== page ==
The past few years have seen an influx of the “every day man turned superhero” picture. This wasn’t even a genre, or sub-genre, prior to recent times. Call it post 9/11 heroic fantasy (as some have) or perhaps it is merely a response to the abundance of legitimate super hero films hitting multiplexes on a seemingly monthly basis ever since SPIDER-MAN made bank. Regardless of the reason, these films seem here to stay and, for the most part, offer a refreshingly dark alternative to the CG enhanced, spectacle laden comic-book adaptations typically playing at your local theater.
SUPER plays out much like similar films that have come before it – KICK-ASS, DEFENDOR, SPECIAL – yet it is something rather different than all of those. This is not as excitingly chaotic as KICK-ASS, as silly as DEFENDOR or as pedestrian as SPECIAL. Actually, aside from the concept at large, this film really has nothing in common with the others. This isn’t an action movie and calling it a comedy would be selling it short and falsely advertising it as well. SUPER is dark. It is a drama, for lack of a better classification, and it is surprisingly uncompromising. Don’t let the innocent looking poster fool you, this is rough material and James Gunn wouldn’t have it any other way.
Yes, as you may have surmised (or known, previously), this is a James Gunn film. Also known as the man who brought you SLITHER and penned some Troma scripts as well as the DAWN OF THE DEAD remake. SLITHER was proof that Gunn has what it takes to be behind the camera and his script for TROMEO AND JULIET showed what a sick fuck he truly is. This film takes both his directing abilities and his warped sense of humor and runs wild with them. I said before that this is not a comedy but what I meant is that this is not a “traditional” comedy. This is a comedy for people who find Todd Solondz films to be hilarious. Basically, if the idea of seeing a woman being beaten on the head with a wrench makes you laugh, than look no further, SUPER is the movie for you.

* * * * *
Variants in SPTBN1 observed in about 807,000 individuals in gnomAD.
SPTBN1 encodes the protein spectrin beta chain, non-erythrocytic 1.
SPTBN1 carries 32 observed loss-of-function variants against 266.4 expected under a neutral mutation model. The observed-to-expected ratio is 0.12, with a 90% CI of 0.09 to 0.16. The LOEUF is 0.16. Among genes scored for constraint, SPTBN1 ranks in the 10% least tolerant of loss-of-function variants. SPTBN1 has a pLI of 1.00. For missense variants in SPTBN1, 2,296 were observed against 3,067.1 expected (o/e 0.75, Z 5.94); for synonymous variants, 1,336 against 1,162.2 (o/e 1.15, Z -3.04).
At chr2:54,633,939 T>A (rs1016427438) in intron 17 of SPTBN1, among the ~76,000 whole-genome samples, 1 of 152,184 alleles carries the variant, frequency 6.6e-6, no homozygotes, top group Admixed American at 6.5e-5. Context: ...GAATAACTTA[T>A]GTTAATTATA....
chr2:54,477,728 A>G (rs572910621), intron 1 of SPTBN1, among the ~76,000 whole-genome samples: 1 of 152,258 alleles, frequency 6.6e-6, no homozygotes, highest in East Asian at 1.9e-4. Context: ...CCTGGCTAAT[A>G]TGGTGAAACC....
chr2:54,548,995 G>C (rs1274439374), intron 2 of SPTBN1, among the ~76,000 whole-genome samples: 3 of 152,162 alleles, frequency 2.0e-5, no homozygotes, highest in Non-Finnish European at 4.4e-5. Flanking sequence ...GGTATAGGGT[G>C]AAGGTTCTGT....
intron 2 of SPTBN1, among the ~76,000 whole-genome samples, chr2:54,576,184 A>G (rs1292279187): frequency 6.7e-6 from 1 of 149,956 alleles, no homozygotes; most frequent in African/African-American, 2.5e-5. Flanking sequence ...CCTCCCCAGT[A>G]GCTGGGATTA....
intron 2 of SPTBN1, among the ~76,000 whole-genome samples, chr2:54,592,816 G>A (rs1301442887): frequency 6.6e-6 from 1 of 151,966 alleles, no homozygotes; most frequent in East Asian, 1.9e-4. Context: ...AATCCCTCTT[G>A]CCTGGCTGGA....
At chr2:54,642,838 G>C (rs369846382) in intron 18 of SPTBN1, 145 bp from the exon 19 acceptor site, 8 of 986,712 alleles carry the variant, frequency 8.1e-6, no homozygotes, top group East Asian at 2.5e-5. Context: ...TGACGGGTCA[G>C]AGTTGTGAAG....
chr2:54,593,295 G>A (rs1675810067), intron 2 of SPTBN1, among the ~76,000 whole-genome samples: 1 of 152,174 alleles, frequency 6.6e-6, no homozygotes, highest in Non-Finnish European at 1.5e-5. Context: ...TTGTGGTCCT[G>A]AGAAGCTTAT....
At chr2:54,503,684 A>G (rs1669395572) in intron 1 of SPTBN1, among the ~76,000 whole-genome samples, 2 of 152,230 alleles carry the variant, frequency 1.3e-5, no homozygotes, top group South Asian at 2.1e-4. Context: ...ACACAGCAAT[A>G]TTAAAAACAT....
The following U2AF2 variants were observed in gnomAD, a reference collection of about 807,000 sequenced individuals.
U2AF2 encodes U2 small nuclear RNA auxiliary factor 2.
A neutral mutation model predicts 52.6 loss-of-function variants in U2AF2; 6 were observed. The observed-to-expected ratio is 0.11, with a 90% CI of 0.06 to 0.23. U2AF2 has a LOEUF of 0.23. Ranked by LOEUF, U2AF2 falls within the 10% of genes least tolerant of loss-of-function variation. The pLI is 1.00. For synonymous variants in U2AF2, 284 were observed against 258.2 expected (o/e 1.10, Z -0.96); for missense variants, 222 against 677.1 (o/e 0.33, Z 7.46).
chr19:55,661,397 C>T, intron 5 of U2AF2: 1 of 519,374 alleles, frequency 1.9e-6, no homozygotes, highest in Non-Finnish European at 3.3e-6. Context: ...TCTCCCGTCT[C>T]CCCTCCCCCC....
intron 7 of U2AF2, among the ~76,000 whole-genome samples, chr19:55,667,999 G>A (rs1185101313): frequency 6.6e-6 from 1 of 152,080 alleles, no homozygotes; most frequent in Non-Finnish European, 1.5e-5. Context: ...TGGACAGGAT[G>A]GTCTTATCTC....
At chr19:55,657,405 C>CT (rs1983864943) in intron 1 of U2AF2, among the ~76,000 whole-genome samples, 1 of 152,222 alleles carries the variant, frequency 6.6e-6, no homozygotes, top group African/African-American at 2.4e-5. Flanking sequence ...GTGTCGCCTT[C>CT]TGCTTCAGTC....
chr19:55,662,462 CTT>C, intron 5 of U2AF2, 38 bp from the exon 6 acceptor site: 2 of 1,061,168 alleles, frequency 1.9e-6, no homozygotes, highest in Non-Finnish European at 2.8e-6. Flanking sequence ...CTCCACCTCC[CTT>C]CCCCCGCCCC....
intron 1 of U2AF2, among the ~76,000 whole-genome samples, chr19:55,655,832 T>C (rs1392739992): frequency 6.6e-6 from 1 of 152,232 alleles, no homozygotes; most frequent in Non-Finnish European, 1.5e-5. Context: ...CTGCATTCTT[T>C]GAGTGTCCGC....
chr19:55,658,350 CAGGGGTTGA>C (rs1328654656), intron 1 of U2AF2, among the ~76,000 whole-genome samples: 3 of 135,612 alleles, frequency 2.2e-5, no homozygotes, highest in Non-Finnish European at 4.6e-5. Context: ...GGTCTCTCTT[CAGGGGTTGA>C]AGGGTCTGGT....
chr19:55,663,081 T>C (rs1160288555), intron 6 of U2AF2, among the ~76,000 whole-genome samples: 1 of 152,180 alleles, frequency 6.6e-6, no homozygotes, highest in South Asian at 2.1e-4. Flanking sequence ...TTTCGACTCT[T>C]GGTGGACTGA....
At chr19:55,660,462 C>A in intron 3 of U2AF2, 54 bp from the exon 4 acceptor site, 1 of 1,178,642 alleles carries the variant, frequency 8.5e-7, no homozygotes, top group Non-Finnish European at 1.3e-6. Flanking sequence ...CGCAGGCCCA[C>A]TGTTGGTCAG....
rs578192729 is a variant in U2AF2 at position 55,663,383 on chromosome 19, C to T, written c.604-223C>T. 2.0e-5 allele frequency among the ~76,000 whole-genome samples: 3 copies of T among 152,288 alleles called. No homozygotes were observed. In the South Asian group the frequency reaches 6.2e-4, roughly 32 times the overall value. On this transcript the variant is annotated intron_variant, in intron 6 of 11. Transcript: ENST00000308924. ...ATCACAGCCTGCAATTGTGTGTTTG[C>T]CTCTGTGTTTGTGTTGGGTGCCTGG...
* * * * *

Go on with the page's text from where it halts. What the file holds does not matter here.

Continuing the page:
SUPER essentially operates as a character study. An increasingly dark one, at that. You can immediately think TAXI DRIVER (and you wouldn’t be far off) but I would personally compare this to the more recent, and sadly underseen, BIG FAN (which you really should see if you have not). The lead here is played by Rainn Wilson, who is known primarily for comedy work, and his casting here is perfect. I honestly cannot picture anyone else pulling this off. Wilson is able to come off as sympathetic while evoking disgust. This character’s actions are not pleasant to witness and Wilson seems to revel in carrying them out. As much as Gunn deserves credit for his script and for keeping the tone of this resoundingly dark, none of this would matter without Wilson’s performance which would be career making if it had the possibility of actually being seen by most of the movie-going public.
As much as I want to and, to an extent, do admire Gunn’s film, it has its problems. As dark as the film is, there are times where it crosses the line a bit too much. I’m not talking in objectionable content or something as obvious as that (though it does have plenty of that), but rather in how hard he tries to force emotion upon the viewer. Towards the end, Gunn’s intentions seem obvious and forced. Perhaps this is due to the length of the film (which is short at close to 90 minutes) considering many have stated that it would have worked better as a short film rather than a feature. Rather, I don’t think it has problems as a feature, but in how safe Gunn plays it in the last act. The first two thirds of this film are golden. This all somehow, and rather unfortunately, unravels in the final act. Gone are the inspired touches of dark humor and Wilson’s sympathy evoking performance. Instead, we are given a message. What that message is, I’ll leave to the viewer(s) to decide, but it has all the subtlety of a Michael Bay filmed camera tilt up a super model’s dress.
SUPER has the makings of a great film. Not just a great genre film, but a piece of inspired, unique cinema. Gunn almost achieves this but falls under the weight of his material and, perhaps, his own ideals. This is rather unfortunate as the quality material far outweighs the mediocre but it leaves the viewer wondering what could have been and I’m sure the answer is something better than what we currently have.